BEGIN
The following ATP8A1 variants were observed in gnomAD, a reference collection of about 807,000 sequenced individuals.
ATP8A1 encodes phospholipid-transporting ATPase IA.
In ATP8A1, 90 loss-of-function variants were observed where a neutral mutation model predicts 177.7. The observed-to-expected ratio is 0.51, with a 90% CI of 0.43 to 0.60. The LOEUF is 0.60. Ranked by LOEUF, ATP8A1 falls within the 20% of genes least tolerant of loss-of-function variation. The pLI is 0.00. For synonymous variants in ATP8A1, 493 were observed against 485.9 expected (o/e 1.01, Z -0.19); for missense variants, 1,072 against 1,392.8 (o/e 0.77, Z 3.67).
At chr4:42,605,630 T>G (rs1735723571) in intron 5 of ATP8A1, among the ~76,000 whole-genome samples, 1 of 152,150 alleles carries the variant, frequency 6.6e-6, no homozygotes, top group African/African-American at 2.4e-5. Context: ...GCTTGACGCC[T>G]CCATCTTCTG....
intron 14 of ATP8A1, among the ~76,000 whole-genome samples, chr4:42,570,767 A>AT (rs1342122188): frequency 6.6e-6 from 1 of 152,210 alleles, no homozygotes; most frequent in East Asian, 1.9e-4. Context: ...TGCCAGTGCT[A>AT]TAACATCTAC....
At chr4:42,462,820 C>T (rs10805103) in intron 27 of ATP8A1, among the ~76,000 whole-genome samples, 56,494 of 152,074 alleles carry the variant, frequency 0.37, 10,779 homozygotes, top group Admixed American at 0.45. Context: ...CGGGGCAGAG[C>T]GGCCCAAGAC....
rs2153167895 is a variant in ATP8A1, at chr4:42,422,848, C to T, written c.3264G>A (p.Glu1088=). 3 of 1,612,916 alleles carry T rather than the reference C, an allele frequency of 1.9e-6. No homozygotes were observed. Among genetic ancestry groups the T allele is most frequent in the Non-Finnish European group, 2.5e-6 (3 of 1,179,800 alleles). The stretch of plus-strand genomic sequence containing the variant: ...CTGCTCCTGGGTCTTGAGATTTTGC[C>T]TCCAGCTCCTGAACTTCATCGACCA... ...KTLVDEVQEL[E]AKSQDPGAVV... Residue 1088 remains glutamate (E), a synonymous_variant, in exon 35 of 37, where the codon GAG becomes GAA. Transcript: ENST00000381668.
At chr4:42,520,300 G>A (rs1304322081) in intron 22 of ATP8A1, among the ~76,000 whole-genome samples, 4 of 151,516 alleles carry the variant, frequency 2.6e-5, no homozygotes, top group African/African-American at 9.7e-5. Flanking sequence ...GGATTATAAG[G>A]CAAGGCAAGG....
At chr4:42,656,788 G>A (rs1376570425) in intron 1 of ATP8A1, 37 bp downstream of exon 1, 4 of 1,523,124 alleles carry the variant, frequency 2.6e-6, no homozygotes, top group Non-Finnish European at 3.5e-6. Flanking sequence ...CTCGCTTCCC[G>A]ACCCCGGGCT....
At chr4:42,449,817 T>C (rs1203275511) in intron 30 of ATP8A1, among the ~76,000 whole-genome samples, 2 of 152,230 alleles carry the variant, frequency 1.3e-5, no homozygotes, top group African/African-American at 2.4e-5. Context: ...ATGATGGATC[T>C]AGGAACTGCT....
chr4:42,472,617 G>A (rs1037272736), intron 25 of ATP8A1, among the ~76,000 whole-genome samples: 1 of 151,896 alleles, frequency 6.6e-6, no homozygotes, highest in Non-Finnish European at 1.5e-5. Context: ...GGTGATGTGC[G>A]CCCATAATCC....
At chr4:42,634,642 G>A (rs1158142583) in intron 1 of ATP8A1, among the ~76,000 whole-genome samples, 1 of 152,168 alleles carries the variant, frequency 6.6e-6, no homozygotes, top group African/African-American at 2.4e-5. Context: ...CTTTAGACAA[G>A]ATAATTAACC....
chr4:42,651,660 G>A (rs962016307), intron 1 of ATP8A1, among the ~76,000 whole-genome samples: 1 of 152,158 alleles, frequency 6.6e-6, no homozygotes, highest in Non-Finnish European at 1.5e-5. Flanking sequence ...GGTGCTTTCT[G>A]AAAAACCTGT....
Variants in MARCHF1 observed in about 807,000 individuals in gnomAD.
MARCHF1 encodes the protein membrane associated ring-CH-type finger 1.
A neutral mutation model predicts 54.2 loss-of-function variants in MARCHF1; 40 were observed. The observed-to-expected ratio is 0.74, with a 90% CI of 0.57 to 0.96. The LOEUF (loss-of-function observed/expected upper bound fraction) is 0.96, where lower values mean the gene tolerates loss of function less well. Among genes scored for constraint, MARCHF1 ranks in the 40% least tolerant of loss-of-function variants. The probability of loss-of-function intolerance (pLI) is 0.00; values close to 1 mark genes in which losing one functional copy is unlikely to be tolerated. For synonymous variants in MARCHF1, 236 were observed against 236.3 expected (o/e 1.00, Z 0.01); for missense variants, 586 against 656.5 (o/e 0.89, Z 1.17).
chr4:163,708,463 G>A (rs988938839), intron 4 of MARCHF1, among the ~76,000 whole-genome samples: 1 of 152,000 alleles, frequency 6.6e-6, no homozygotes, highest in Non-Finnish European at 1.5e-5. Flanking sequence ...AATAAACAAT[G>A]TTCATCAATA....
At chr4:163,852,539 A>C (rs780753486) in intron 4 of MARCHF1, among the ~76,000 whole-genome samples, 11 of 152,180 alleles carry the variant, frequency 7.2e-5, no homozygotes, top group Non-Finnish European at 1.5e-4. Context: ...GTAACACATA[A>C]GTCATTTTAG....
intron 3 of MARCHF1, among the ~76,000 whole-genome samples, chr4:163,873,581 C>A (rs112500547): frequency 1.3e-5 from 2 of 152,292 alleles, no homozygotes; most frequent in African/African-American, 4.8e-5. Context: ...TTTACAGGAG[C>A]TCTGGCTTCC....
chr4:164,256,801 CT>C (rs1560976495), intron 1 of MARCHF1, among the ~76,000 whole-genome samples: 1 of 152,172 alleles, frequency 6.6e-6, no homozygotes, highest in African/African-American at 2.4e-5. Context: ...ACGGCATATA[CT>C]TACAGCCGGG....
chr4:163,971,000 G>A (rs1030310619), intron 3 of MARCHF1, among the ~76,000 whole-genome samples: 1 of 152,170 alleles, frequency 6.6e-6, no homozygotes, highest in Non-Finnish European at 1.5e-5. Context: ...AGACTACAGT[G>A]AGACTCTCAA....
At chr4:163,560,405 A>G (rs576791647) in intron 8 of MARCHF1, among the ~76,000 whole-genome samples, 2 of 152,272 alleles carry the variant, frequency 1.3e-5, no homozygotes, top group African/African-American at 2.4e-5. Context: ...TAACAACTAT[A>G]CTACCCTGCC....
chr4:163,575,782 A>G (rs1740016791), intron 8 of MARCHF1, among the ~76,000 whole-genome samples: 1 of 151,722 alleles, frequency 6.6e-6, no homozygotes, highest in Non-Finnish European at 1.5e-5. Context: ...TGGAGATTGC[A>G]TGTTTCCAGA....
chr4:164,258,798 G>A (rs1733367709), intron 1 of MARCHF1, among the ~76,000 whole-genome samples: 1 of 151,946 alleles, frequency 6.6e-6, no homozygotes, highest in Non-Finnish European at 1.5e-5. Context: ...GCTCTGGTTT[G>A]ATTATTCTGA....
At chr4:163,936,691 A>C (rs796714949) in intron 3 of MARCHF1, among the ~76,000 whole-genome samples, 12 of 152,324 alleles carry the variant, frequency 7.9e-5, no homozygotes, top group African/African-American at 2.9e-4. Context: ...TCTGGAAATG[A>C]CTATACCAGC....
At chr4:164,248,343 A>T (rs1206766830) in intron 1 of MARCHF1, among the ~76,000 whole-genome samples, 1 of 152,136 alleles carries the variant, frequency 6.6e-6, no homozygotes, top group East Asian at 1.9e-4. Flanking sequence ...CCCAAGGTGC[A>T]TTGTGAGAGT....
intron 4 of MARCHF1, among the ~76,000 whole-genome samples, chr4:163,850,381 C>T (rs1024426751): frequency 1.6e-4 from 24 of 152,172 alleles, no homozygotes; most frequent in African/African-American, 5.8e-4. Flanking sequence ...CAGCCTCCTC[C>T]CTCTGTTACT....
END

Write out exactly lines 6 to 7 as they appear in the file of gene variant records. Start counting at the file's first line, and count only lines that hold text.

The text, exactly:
At chr4:42,462,820 C>T (rs10805103) in intron 27 of ATP8A1, among the ~76,000 whole-genome samples, 56,494 of 152,074 alleles carry the variant, frequency 0.37, 10,779 homozygotes, top group Admixed American at 0.45. Context: ...CGGGGCAGAG[C>T]GGCCCAAGAC....
rs2153167895 is a variant in ATP8A1, at chr4:42,422,848, C to T, written c.3264G>A (p.Glu1088=). 3 of 1,612,916 alleles carry T rather than the reference C, an allele frequency of 1.9e-6. No homozygotes were observed. Among genetic ancestry groups the T allele is most frequent in the Non-Finnish European group, 2.5e-6 (3 of 1,179,800 alleles). The stretch of plus-strand genomic sequence containing the variant: ...CTGCTCCTGGGTCTTGAGATTTTGC[C>T]TCCAGCTCCTGAACTTCATCGACCA... ...KTLVDEVQEL[E]AKSQDPGAVV... Residue 1088 remains glutamate (E), a synonymous_variant, in exon 35 of 37, where the codon GAG becomes GAA. Transcript: ENST00000381668.